König Lear Symphonic Poem, Op.20
Symphony No.1 in G, Op.23
Basel Symphony Orchestra
Recorded in August 2003 in Casino Basel Musiksaal
Reviewed by: Rob Pennock
Reviewed: November 2004
CD No: CPO 999 981-2 [CD/SACD]
Duration: 57 minutes
Whenever works by a great conductor turn up, it’s best to dispel the idea that if the composer hadn’t also been a great conductor then his music might have remained hidden on the library shelves. This CD features the music of Felix Weingartner (1863-1942) and is the first in a projected series of his entire orchestral output played by his one-time orchestra.
The King Lear symphonic poem (1895) was Weingartner’s first big work. The booklet-note – of which more anon – draws attention to the debt Weingartner owed to Liszt and also quote the composer’s thoughts on the work. For example we have: “The introduction shows us the king in the fullness of his might and grandeur … Cordelia steps into the growing confusion … The rain pours down, the storm rages over the heath … Ravens fly shrieking over the sky”, and so on. This is a symphonic poem in sonata form and lasts for over 22 minutes. To be honest the thematic material and many of the developmental passages are simply not memorable enough to sustain such a span. In addition, while there are elements of Liszt in the work, there are also echoes of Tchaikovsky and Dvořák, and this really is a piece of second-rate grandiose Austro-German late-romanticism.
The First Symphony from 1896 is more successful and has the character of a warm and lyrical serenade. The opening Allegro moderato grazioso even has echoes of early Mahler. The woodwind writing is very beautiful and gently plaintive. But on the negative side there are some very stodgy and aimless moments in the first movement’s development section that come perilously close to note spinning. The second movement Allegretto alla Marcia is thematically and rhythmically closely linked to the opening of the first movement. Two-thirds of the way through there are a series of chorale-like fanfares that are very arresting and the extended cadence before the final chords is suitably subdued. I haven’t heard another performance of this work, but while the tempo markings are very similar in these two movements, I would have liked more punch to the march theme.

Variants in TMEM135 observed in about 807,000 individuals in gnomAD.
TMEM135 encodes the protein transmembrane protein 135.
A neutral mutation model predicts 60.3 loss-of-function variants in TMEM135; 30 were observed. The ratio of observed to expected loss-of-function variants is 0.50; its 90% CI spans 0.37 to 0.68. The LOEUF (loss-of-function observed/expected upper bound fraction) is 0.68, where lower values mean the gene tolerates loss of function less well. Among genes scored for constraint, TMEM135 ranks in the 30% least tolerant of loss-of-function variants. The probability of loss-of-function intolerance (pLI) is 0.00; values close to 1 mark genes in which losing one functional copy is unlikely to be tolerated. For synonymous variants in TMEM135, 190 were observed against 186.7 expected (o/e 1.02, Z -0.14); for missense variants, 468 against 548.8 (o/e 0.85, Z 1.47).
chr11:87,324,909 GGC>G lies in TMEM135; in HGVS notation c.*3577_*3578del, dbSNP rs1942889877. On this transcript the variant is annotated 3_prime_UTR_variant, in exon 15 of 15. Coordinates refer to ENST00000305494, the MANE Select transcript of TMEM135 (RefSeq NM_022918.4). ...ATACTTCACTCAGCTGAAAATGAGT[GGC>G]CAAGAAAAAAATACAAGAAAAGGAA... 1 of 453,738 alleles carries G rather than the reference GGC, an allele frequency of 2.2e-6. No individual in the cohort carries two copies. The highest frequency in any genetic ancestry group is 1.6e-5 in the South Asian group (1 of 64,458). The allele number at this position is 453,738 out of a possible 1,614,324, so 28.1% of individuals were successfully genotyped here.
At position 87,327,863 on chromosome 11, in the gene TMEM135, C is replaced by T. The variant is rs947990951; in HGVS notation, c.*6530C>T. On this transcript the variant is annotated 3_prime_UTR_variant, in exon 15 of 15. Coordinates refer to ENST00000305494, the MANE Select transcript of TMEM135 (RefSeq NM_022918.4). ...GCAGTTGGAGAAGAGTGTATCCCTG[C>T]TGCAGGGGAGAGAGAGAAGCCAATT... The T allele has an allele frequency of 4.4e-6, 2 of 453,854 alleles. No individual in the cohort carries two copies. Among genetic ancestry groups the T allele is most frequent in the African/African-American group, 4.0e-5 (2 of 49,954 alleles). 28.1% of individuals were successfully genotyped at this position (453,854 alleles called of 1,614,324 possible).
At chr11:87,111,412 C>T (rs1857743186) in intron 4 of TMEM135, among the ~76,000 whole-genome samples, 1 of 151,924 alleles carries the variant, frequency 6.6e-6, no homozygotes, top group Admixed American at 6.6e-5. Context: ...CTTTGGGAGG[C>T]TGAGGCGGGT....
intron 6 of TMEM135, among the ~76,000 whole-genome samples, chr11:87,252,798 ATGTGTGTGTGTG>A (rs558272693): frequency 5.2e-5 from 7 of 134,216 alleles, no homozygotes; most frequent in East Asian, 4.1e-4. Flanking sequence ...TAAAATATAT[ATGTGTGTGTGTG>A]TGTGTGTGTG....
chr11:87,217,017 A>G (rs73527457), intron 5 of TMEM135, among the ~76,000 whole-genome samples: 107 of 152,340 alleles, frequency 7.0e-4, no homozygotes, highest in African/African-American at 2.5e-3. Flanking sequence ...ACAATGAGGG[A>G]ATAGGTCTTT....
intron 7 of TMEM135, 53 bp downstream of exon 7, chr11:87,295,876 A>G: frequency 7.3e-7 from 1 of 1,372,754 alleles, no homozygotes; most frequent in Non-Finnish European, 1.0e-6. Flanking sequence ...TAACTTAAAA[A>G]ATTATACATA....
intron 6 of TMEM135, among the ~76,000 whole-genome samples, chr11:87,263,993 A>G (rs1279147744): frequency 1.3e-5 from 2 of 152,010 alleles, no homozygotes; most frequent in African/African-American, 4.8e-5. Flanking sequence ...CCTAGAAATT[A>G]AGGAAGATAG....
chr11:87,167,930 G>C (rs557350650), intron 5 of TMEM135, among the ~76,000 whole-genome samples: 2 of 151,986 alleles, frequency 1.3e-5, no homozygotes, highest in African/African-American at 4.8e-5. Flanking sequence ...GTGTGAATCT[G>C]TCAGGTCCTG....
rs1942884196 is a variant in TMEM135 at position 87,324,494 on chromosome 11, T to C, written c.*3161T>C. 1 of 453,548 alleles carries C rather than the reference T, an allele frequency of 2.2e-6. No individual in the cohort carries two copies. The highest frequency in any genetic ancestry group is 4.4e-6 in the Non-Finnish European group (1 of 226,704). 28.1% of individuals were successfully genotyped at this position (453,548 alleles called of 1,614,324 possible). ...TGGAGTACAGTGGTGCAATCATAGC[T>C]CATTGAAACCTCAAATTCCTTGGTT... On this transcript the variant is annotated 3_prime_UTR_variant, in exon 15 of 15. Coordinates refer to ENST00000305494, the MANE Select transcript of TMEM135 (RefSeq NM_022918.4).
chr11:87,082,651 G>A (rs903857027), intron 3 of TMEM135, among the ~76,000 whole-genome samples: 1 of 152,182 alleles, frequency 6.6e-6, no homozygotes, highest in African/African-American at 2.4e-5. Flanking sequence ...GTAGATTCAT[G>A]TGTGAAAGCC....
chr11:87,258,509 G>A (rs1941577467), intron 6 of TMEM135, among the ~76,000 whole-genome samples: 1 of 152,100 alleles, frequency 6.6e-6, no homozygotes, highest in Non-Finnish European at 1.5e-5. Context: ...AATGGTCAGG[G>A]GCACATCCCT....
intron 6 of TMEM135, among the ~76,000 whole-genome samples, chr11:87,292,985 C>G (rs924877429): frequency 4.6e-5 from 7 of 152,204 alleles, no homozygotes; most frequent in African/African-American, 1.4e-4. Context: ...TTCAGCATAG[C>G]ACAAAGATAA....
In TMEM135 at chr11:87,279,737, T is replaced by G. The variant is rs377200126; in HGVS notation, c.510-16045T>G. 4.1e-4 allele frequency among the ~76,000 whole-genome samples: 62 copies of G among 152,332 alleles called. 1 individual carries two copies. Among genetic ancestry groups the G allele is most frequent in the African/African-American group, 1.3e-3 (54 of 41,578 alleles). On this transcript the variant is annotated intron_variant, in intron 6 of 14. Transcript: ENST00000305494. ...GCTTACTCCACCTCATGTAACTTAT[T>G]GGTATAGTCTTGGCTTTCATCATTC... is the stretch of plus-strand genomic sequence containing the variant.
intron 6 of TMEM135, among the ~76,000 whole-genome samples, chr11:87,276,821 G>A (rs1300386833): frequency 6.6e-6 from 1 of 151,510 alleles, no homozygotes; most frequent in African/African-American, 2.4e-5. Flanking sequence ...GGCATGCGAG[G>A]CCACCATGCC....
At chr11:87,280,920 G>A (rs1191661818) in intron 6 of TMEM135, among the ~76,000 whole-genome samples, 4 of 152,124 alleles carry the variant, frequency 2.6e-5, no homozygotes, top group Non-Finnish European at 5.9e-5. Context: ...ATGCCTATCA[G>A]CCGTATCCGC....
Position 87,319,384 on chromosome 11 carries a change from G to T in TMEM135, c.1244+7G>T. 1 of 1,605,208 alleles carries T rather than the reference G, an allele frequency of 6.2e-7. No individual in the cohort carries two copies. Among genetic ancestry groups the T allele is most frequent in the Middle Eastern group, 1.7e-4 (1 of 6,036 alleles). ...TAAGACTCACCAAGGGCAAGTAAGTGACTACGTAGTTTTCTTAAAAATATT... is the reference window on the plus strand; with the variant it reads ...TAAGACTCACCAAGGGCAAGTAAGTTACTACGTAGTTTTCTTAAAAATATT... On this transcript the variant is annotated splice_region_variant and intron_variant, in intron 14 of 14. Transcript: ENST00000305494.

A similar problem affects the Vivace scherzoso, here the trio section is very slow and risks the whole thing sounding like ‘Semprini Serenade’. Towards the end of the trio there are a series of dying falls in the woodwinds that do seem to be a repetitive feature of Weingartner’s music. In the finale, Allegro viva, there is a first theme that relies heavily on rich blocks of chordal string-sound and the second subject has typical fanfare-like woodwind embellishments. This movement is the least convincing in that it sounds very foursquare as though if in a creative straightjacket.
The symphony is definitely worth hearing and the symphonic poem does have a certain picturesque grandiosity that would be worth an occasional airing. The Basel orchestra is another excellent provincial band that may not rival the great orchestras, but doesn’t let the side down either. Letonja’s conducting is good, but I suspect that, say, Chailly would have found more variety and life.
The sound as both SACD and CD has excellent presence and depth, with a degree more sparkle and dynamic extension in the SACD format. Balance is good, being not too forward, with the vital woodwind parts superbly defined. There is however a problem with the English translation, in that European speech marks have not been changed to the English symbols. Also the symphonic poem merits a page-and-a-half of notes and the symphony only a column. But, all in all, a disc that is well worth investigating.